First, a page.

During the ongoing Covid-19 pandemic, my partner and I were tasked with creating an accurate temperature detection machine with the support of Intel Corporation, where I serve as a technical ambassador. Despite the prevalence of similar devices on the market, they were found to be unreliable in measuring febrile illnesses. We sought to create a device that was grounded in science and could accurately take measurements. We aimed to address the limitations of existing devices such as cheap hardware and unreliable software by using a scientifically valid method and location for temperature measurement.
Our temperature detection machine was designed with accuracy and ease of use in mind. We partnered with a medical cart manufacturer to create a portable device that can be placed anywhere and measures subjects of various heights without the need for repositioning. The machine features a camera gantry on an automated linear slide rail that is controlled by an operator’s screen to match the height of the subject. The device uses an Intel RealSense depth sensing camera and a high-end thermal camera to map the subject’s face and take a reading from the ocular canthus, a reliable location for measuring core body temperature. To ensure accuracy, the device employs the use of a “black body” reference point for the thermal camera. The device is easy to use, with a screen that instructs the subject to step forward or backwards and remove their glasses if necessary.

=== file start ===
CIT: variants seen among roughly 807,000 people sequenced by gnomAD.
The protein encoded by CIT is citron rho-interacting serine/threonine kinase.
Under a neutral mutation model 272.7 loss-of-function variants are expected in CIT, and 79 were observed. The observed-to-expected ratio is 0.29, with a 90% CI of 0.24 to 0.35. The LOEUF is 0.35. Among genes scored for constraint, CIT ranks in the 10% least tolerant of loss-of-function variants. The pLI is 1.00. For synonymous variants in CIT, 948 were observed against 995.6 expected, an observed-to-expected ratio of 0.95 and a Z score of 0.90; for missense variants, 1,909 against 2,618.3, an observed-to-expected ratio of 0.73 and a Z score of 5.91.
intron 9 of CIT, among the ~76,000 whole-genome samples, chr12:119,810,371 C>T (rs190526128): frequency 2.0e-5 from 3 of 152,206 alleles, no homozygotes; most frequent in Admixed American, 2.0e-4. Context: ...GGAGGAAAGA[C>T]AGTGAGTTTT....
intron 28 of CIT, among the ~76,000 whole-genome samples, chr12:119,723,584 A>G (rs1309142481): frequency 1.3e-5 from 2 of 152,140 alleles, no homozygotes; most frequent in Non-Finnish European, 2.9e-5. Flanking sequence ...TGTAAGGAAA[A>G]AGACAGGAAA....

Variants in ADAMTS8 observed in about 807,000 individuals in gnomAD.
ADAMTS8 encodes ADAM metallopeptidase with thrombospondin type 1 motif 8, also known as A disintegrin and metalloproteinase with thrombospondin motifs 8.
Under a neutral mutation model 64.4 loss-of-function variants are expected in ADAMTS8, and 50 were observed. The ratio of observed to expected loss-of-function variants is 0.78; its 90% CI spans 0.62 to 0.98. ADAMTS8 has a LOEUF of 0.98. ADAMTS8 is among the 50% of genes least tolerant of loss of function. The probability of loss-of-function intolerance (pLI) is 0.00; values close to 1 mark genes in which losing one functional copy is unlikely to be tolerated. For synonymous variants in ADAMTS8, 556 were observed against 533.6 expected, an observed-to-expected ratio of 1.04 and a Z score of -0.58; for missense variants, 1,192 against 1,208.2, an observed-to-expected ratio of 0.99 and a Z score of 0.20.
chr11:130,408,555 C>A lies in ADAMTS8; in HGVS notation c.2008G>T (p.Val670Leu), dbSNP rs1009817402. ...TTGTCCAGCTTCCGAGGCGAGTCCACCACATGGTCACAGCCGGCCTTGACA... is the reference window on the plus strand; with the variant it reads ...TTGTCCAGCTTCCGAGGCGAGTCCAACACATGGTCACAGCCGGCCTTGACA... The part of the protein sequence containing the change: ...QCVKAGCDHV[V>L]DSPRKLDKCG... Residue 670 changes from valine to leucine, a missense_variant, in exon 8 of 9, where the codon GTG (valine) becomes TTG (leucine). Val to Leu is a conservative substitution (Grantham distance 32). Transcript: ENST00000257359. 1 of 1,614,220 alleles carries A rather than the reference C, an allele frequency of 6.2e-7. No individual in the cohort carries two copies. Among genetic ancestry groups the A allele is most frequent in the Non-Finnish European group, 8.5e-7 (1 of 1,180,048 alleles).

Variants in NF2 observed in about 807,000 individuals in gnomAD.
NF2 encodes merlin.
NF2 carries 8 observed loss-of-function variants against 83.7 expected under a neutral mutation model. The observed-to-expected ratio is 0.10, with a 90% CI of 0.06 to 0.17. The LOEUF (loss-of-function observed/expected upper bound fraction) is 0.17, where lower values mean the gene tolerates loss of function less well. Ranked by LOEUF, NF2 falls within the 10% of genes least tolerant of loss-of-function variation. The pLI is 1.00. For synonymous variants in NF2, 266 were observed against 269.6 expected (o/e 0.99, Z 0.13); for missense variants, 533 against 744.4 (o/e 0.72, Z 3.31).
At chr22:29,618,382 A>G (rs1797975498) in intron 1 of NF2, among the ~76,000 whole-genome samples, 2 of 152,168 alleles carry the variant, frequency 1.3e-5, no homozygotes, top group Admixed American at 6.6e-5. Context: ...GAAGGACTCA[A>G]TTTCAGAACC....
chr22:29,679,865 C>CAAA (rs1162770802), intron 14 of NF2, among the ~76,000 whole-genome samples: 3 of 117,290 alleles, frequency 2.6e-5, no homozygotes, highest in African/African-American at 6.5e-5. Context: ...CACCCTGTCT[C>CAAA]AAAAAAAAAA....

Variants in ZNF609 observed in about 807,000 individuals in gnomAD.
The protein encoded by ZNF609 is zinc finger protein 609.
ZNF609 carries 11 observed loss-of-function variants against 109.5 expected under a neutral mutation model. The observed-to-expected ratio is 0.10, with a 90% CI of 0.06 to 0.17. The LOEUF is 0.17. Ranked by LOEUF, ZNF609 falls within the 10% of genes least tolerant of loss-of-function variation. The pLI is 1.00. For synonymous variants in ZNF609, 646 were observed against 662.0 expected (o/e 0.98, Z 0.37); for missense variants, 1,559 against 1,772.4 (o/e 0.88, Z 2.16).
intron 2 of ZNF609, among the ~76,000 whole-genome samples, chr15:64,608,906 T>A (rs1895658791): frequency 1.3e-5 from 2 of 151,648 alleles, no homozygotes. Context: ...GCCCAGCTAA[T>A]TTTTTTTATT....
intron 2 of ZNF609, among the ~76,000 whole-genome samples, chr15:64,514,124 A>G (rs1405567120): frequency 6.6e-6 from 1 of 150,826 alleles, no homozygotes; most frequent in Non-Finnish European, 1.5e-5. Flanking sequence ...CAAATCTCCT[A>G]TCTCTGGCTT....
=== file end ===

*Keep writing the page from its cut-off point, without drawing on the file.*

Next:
The machine was designed to automatically detect the subject’s temperature and did not require them to remove their mask. It would scan the subject’s canthus for 1-2 seconds and display the temperature on the operator’s side of the machine. If the temperature was normal, the subject was permitted to proceed. If an elevated temperature was detected, they were redirected to a secondary screening area designated by the machine’s owner. The machine also had the capability of sending data to an analytical platform for remote statistical analysis.
We successfully developed and deployed 10 prototypes of our machine, which were constructed in my garage and barn and personally delivered to various schools and warehouses. At the start of the project, the market was saturated with overpriced solutions that claimed to deliver the same results as our machine but failed to do so. However, when the CDC released a report revealing the lack of reliability in these competing solutions, the market collapsed. Machines that were previously sold for $20-40K were now being sold for less than $5K, and some even for a couple hundred dollars.
Given this situation, we decided to pivot and explore new opportunities. Our solution is currently being evaluated for use in the next generation of smart buildings, which we believe could be a promising market for us in the future. The key takeaway from this experience is that instead of questioning what the competition is not doing, it’s important to question if they are doing what they claim to do reliably.